Adventures in Academia: The Specialness of Identity Politics and Self-Identifying

Dear Readers: This post contains information and observations regarding college students who self identify through gender fluidity, sexuality, and ethnicity. I write carefully and prayerfully in a context of humility and sensitivity. If you decide to read this post, please consider the words written in the Book of Jacob, Chapter Two: Jacob uses terms such as "boldness of speech," "delicate hearts," and "daggers placed to pierce their souls and wound their delicate minds." I echo Jacob's anxiety in approaching these sensitive topics when he says, "And not withstanding the greatness of the task, I must do accordingly... And I was told... to get thou up... I must tell you...according to the plainness..." and so forth. As an LDS woman, I too, must speak and write.

Let me be very clear: I am NOT criticizing the decision of a student or person to "self-identify." Due to this growing trend, however, our children and our LDS culture will increasingly feel its impact. To this end, I have felt much prompting in the last six months to write about this issue from my perspective as a college instructor.




 


Adventures in Academia #1


I was grading a student's critical thinking paper. This assignment requires students' individual definitions and notions of critical thinking. The student wrote, "I pride myself in being very tolerant and non-judgmental." (Most, if not all my students wear the "tolerant and non-judgmental" label as the supreme badge of a critical thinker.) She further explained, "I self-identify as pansexual." (I admit; I had to look that one up in the dictionary.)






My student continued, "I'm so open-minded that I don't even judge people who enjoy the new idea of having sex with animals." Carefully and cautiously, I wrote on her paper that this type of sexual activity, called "bestiality," is nothing new and has probably been around since shepherds began herding sheep. Furthermore, I told her how the sex could never be consensual (an animal is incapable of reasoned consent) and could be categorized as animal abuse.

Last week, another student asked me to approve the following proposition for a class debate: "Resolved: Sexual activity with animals is a legitimate form of sexual expression." I gently declined the topic and asked her to find another one. If this form of sexual expression grows more acceptable in society (which I predict it will), more students will want to discuss and debate it. 





My student's sexual proclivities didn't surprise me. We've all observed society's legitimization of various forms of sexual expression for 50 years. Indeed, the Baby Boomer's sexual revolution of the 1960's has become the Millennial generation's prime method for "self-identifying." (I'll define this term in a moment.) Academia continues to be one of the driving forces for social change. As I mentioned in my earlier posts, academia promotes and politicizes social justice, egalitarianism, and totalitarianism on college campuses to motivate students in making societal changes. We also know that social evolution is often painful because it advocates advantages for some and disadvantages for others. And social conflict is always the byproduct.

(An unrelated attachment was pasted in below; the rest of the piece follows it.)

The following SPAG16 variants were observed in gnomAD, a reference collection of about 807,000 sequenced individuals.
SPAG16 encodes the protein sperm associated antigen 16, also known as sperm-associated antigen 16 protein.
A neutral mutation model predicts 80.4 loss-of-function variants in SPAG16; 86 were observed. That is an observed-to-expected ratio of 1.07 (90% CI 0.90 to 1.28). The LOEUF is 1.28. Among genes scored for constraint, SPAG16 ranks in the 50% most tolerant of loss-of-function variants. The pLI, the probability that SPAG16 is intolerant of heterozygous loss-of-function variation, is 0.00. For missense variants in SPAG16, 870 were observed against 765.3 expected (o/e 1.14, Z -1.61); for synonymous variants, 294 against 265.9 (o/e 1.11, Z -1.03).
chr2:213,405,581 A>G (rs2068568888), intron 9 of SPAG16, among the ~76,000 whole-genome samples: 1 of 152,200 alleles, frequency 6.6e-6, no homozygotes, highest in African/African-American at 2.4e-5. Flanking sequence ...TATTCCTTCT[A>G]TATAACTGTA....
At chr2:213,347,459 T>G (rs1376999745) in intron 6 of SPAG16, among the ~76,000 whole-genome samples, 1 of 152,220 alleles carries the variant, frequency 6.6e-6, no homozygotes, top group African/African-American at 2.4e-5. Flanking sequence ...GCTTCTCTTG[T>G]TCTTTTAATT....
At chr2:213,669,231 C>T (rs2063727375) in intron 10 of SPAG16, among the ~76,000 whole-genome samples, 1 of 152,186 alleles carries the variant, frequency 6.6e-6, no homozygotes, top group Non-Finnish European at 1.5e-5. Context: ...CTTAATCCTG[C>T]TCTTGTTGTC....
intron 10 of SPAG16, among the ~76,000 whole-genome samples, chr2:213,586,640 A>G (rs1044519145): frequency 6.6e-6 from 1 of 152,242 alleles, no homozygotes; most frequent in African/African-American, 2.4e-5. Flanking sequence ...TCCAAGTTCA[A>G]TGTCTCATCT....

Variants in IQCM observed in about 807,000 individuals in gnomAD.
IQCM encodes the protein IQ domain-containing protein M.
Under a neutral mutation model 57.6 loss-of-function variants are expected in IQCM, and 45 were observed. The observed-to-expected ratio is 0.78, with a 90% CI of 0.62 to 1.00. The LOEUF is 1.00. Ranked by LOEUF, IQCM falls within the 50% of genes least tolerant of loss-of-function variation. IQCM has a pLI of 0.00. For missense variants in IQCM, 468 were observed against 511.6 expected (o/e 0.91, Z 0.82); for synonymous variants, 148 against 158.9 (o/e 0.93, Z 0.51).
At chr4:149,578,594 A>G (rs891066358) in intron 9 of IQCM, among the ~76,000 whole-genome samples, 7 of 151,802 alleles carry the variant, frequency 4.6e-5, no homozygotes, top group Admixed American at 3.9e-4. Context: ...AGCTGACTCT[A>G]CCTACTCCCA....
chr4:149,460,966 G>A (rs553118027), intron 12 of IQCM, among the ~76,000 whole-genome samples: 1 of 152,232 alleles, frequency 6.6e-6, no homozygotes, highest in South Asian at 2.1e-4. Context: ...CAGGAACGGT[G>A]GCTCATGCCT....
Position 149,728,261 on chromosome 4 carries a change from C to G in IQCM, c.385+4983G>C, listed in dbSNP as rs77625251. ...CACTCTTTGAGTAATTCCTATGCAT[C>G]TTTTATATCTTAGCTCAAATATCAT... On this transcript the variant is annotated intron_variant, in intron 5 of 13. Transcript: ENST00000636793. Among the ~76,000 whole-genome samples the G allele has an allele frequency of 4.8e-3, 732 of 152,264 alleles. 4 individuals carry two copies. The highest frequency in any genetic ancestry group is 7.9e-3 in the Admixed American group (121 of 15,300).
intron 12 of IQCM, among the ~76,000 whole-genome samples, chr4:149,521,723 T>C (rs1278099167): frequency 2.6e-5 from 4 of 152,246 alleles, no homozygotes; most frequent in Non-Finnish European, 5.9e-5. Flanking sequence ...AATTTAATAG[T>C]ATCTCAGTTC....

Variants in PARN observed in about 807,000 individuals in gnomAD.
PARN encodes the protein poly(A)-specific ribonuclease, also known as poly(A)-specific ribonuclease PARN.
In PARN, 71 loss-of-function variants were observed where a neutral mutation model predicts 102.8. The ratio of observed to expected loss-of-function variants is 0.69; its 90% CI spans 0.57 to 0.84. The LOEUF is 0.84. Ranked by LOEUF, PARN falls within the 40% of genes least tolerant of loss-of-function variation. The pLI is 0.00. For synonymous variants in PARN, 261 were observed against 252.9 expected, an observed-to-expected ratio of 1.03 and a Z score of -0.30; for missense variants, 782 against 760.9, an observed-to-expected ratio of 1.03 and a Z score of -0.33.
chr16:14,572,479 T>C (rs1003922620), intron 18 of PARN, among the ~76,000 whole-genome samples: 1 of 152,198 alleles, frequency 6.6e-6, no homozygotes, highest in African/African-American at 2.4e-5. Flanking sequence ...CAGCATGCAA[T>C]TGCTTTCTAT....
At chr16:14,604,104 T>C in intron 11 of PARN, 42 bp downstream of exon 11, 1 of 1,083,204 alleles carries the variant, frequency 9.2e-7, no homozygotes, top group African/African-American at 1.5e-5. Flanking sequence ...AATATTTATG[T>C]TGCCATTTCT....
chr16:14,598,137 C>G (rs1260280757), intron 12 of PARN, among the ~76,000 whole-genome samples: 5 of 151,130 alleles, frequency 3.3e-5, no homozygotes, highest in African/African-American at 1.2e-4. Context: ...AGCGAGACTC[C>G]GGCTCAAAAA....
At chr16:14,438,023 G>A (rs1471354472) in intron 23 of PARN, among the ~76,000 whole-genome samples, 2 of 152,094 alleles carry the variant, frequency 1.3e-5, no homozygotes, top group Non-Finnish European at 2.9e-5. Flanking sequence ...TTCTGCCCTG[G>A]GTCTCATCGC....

Now that the United States government legalized same-sex marriage in 2015, transgender rights have advanced to the forefront in the LGBTQ's fight for equality and social acceptance. I don't pretend to know nor understand the complex nuances and dimensions of transgender identity. And, admittedly, I'm not fully educated pertaining to the intersectionality of transgenderism, gender fluidity, and self identifying. (Please also know: I'm not suggesting that transgender people manufacture their trans identities.) Regardless, social justice for transgenderism and gender fluidity is gaining traction---especially in academia.  






Recently, UC Colleges changed student application forms concerning gender identity. Students are now offered six different gender-identity boxes on applications. Applicants can choose "male, female, trans male/trans man, trans female/trans woman, gender queer/gender non-conforming, and different identity” to describe their gender identity.





For further details see the link below:

http://www.foxnews.com/us/2015/07/28/university-california-offers-six-choices-for-gender-identity.html






Subsequently, the pronouns "he" and "she" are quickly becoming antiquated on California college campuses and will soon be considered bigoted. I predict universities will soon expect professors to learn and use a variety of pronouns. The links below provide additional information: